BlackBerry 10: Moving on from PlayBook

Roger Cheng at CNET:

You can’t accuse RIM of rushing out BlackBerry 10. If anything, the operating system is way overdue. But the company has clearly spent the time to work out the kinks, and the early experience with the software has been pleasantly surprising.

RIM isn’t aping a trend or trying something completely new with BlackBerry 10, it’s actually focusing on its core smartphone product.

Absolutely, BlackBerry 10 is no PlayBook because the former is software and the latter is a device and that pretty much ends any debate from the literal perspective. But points taken: the PlayBook was rushed (although it was also late) while BlackBerry 10 has not been (we hope). Further, while the PlayBook was a one-off in an incremental market for RIM, BlackBerry 10 is a foundational technology for the company that it expects will last the next decade the way OS X has (and iOS is on track to).

An even greater issue for the PlayBook than those that Roger cites, however, including carrier acceptance, was developer acceptance (the two are of course related).  As a technology underpinning, BlackBerry 10 is, in fact, an evolution of the PlayBook OS (somewhat like OS X was an evolution of the Darwin project). However, BlackBerry 10 will, as Roger notes, enjoy the advantage of being on RIM’s higher-volume handsets rather than breaking into a new category.

With the Android market coalescing around Samsung with some HTC and Windows Phone doing the same with Nokia and HTC, certainly there will be at least one domestic carrier willing to give the new devices a try. Still, no matter how successful RIM’s developer evangelism is, there are bound to be many gaps at launch as there was for Windows Phone.The nightmare scenario is not that BlackBerry 10 will be the PlayBook, but that it will be webOS.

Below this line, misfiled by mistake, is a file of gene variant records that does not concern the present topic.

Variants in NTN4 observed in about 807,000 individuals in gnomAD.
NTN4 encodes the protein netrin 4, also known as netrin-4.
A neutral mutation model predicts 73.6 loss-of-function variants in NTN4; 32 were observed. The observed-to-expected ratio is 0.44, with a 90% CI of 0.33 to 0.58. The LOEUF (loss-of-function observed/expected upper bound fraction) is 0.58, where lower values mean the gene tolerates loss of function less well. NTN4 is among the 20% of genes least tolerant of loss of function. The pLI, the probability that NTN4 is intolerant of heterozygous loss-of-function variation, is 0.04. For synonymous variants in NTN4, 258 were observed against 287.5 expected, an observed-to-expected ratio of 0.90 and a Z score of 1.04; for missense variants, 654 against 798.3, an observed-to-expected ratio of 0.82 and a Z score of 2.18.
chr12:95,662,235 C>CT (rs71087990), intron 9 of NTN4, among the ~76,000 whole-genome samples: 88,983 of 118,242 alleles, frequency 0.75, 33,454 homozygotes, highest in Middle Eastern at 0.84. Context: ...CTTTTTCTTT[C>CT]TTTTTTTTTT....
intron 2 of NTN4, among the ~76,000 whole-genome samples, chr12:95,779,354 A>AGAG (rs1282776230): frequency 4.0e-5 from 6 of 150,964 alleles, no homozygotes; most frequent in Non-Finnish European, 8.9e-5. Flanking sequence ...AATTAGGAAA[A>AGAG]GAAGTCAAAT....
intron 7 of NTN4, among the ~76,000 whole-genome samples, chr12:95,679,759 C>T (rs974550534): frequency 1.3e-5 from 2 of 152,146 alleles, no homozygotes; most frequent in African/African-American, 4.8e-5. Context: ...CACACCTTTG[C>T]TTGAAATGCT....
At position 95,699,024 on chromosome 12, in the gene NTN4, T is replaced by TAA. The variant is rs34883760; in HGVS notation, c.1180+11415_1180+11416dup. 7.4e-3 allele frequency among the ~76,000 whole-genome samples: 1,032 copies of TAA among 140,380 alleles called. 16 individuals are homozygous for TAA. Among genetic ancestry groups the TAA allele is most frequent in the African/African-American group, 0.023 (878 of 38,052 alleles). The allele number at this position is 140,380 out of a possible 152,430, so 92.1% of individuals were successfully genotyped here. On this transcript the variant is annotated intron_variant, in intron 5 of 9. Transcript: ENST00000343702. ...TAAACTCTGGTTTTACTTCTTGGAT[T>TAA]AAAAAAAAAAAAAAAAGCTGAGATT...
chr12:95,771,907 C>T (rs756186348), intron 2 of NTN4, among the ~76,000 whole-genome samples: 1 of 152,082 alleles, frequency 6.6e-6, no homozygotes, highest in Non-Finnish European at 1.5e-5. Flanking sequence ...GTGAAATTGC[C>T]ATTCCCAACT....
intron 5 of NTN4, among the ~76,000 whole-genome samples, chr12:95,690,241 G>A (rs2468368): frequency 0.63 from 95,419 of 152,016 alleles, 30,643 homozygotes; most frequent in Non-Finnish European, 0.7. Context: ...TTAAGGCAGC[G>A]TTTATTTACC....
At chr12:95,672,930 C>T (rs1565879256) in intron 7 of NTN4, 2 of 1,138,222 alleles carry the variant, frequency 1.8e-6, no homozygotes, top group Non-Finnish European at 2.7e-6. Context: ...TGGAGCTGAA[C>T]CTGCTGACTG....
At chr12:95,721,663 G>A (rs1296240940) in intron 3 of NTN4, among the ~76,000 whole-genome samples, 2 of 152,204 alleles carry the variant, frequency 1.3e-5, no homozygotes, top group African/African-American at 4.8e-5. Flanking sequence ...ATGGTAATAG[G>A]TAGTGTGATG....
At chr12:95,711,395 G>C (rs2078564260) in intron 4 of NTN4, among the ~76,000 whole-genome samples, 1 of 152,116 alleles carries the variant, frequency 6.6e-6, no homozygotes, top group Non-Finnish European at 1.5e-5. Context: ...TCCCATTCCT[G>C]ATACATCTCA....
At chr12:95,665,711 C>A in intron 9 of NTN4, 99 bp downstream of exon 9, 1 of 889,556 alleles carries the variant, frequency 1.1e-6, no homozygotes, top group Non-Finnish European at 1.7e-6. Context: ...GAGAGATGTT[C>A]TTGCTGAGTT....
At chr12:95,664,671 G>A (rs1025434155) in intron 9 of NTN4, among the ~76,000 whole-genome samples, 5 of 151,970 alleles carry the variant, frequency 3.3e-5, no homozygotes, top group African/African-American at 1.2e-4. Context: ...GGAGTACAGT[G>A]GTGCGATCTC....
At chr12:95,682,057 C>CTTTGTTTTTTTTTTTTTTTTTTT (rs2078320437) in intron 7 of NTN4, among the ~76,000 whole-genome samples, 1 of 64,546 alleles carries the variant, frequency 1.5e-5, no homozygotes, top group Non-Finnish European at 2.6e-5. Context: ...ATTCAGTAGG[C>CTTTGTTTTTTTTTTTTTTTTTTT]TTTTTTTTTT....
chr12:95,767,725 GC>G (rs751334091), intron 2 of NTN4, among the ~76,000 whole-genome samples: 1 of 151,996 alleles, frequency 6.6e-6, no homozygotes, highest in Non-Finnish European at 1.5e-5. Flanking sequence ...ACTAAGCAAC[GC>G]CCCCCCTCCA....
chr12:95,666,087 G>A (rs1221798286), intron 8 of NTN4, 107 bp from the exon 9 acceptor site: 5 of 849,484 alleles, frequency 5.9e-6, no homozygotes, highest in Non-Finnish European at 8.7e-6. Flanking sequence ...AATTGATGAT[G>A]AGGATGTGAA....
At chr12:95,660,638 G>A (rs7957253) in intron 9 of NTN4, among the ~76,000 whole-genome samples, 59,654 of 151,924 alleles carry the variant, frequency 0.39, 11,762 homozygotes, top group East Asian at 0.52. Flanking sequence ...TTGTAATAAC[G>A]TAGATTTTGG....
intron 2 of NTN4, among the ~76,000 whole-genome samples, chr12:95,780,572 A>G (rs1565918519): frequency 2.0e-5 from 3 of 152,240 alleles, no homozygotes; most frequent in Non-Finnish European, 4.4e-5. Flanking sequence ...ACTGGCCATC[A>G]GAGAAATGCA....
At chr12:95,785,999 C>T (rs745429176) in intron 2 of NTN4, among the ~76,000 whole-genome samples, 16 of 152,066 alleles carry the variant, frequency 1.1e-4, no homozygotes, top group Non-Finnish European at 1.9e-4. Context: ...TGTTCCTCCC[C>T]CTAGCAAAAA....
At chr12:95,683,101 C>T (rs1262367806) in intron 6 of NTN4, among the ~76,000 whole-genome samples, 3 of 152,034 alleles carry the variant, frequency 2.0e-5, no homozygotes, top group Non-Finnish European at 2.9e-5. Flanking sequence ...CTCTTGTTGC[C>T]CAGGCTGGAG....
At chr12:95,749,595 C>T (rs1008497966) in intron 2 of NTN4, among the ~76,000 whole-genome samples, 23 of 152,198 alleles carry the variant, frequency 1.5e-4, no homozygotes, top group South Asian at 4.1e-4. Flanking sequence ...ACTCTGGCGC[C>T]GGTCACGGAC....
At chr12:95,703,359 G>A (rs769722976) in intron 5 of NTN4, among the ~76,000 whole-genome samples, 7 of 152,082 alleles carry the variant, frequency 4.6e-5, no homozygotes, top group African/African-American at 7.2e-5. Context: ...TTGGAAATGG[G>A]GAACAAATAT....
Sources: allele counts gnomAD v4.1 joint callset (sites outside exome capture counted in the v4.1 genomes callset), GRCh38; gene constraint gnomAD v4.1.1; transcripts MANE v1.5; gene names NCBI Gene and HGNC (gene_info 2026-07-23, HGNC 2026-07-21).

More mapping options come to iOS

Yesterday saw the release of Nokia HERE for iOS as the company steadfastly behind Windows Phone hopped ecosystems as Google has done with the Chrome browser and Microsoft may do with Office. The app, which includes offline maps capability, wasn’t the only location-based info news as Telenav added voice to the free version of the well-implemented Scout navigation program. Features such as red light camera databases remain exclusively in the premium version.

The additions come at a welcome time for iOS users who are still wresting with Apple Maps’ immaturity and will create more competition not only for Apple, but for other third-party options. At least they bring the advantages of apps as opposed to some fo the Web-based mapping alternatives referred to in Apple’s Maps apology.

This holiday, $299 is the new $199